The DETC is a well-respected institution that deploys a rigorous, comprehensive review process.  While rigorous, it is not as administrative burdensome can be obtained much faster, and costs much less to obtain.  Both the Council for Higher Education Accreditation and the United States Department of Education recognizes the DETC as a legitimate accrediting agency.  This recognition is extremely important and should be your cue that any online university with DETC accreditation is no “diploma mill.”

So, is DETC accreditation good enough?  I would say yes it is but with one important caveat – transferring credits.  Each university has its own transfer policies related to accepting credits for courses completed at another university.  Some universities with regional accreditation will simply reject any transcript from a DETC-accredited university.  Others will grant only partial credit.  Still, others will accept all of your credit-hours if you previously attended a DETC-accredited university.  How extensive is this transfer credit problem?  A recent study conducted by the DETC found that about two-thirds of students attempting to transferring credits from a DETC-accredited university to a regionally-accredited university had their transcripts accepted and received transfer credits.  Is this justified?  Look at the situation this way.  Is there a certain amount of snobbery on the part of some regionally accredited universities?  You bet there is.  Are some traditional universities facing declining enrollments because they just cost too much and are losing students to online universities?  Sure, that is definitely happening.

Is the fact you have a degree from a DETC-accredited university going to be a problem for you in terms of getting a job.  Not really, but individual companies so have many different hiring policies and practices.  Would I have an easier time getting a job I wanted if my Ph.D. was from Harvard rather than the University of Missouri?  Sure – sorry Mizzou but this is just a fact of life.  I really don’t think to have a degree from a DETC-accredited university is going to have that much of an impact on getting a great job that you are going to love.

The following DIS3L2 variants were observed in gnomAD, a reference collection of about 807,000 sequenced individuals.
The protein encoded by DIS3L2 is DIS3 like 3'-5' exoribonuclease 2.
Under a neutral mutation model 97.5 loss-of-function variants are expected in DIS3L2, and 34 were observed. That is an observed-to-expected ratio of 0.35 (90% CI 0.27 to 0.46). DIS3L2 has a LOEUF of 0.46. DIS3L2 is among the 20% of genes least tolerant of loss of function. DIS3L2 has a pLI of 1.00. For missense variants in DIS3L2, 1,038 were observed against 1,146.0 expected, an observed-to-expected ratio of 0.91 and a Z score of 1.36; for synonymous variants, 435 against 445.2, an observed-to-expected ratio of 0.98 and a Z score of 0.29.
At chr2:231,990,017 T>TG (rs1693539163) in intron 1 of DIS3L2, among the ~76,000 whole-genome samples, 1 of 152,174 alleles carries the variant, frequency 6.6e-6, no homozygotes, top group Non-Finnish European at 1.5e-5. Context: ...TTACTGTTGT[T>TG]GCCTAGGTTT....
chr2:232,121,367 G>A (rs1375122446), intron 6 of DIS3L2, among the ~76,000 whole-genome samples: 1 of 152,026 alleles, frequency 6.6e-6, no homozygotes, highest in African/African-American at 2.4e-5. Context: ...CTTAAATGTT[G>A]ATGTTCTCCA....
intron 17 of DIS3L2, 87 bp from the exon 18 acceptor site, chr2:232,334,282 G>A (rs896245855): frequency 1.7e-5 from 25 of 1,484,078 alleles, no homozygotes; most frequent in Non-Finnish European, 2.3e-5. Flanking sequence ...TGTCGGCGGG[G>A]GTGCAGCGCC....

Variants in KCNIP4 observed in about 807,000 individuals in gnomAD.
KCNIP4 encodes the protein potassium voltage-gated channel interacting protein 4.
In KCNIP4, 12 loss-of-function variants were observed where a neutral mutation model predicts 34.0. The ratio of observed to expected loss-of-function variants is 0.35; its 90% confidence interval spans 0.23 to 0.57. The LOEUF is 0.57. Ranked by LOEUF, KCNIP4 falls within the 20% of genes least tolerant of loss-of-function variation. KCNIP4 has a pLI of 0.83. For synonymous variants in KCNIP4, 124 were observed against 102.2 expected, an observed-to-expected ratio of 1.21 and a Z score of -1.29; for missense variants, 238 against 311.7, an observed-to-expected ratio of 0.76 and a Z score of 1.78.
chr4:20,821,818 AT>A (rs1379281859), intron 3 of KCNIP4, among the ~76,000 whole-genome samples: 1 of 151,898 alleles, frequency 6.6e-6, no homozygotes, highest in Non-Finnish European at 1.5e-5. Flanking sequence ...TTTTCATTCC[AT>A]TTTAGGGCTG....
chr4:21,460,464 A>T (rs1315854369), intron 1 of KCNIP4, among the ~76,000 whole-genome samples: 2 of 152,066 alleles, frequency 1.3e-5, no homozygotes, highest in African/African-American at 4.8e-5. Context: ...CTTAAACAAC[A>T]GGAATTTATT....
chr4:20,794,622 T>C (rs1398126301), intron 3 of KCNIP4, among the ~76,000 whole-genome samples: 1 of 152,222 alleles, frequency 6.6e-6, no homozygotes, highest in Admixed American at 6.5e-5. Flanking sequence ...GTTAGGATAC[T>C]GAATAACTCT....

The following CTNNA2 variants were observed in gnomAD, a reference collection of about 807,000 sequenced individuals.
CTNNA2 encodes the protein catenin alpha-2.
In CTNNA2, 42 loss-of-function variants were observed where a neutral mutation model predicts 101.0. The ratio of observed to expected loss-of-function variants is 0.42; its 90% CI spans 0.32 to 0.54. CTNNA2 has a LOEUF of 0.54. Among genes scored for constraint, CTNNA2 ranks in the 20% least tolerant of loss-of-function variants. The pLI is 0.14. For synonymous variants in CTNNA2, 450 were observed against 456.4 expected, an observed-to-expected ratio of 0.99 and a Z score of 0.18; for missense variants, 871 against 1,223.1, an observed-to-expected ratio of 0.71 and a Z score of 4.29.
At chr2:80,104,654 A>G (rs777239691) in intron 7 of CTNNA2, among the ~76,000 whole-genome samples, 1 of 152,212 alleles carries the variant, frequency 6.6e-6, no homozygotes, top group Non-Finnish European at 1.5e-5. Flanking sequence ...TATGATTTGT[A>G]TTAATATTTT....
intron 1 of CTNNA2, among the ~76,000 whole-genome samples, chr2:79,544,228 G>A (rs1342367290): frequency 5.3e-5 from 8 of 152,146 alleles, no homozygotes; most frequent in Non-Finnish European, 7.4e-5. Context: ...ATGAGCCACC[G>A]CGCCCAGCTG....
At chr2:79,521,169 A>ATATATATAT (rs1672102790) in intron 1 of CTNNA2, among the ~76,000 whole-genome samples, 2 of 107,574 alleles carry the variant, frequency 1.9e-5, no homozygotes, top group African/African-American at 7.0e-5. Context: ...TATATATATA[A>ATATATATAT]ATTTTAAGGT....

You must decide for yourself how important this transfer credit issue is to you.  If you complete an undergraduate degree from a DETC-accredited online university and have no plans to go on for a Master’s degree, then the transfer credit issue is moot.  If you complete your MBA or other Master’s degree at a DETC-accredited university and you will not be going on for another degree – again it’s a moot point.  If the transfer issue is important to you, check out the Higher Education Transfer Alliance (http://www.chea.org/heta/default.asp).  Universities who are members of this alliance have agreed to be open to schools with DETC accreditation, or other types of accreditation approved by either the Council for Higher Education Accreditation and the United States Department of Education.  If you have an idea now about where you might want to transfer credits, why not send them an email asking for them to provide you with information about their transfer credit policy.

Tuition, Fees and Expenses of Distance Education

For most students, the cost of their education has to be the second-most important decision criteria after considering the accreditation issue.  You will find the biggest differences in the cost of a college education are between traditional universities and online universities.  Much online technology and health care programs are a bit more expensive because universities have to pay higher levels of faculty compensation in these areas because of the relatively small supply and growing demand for qualified professors.  Graduate degree programs cost more because most universities pay their professors teaching graduate-level courses significantly higher rates of pay.

Some online universities include many mandatory online meetings in many or most of their courses.  This practice adds to the cost of their courses as does the practice of requiring professors to have regularly scheduled virtual office hours. While the online course meetings do provide excellent opportunities to exchange ideas with professors and students, but so do discussion forums that cost much less and do not create scheduling constraints for busy students who also have jobs.

Some universities that have both traditional classroom courses and online versions assign some of their overhead costs to their online programs and thus charge online students more.  The cost of acquiring and operating various learning platforms can also vary significantly.  Moodle, for example, is an excellent open-source learning platform that is quite economical.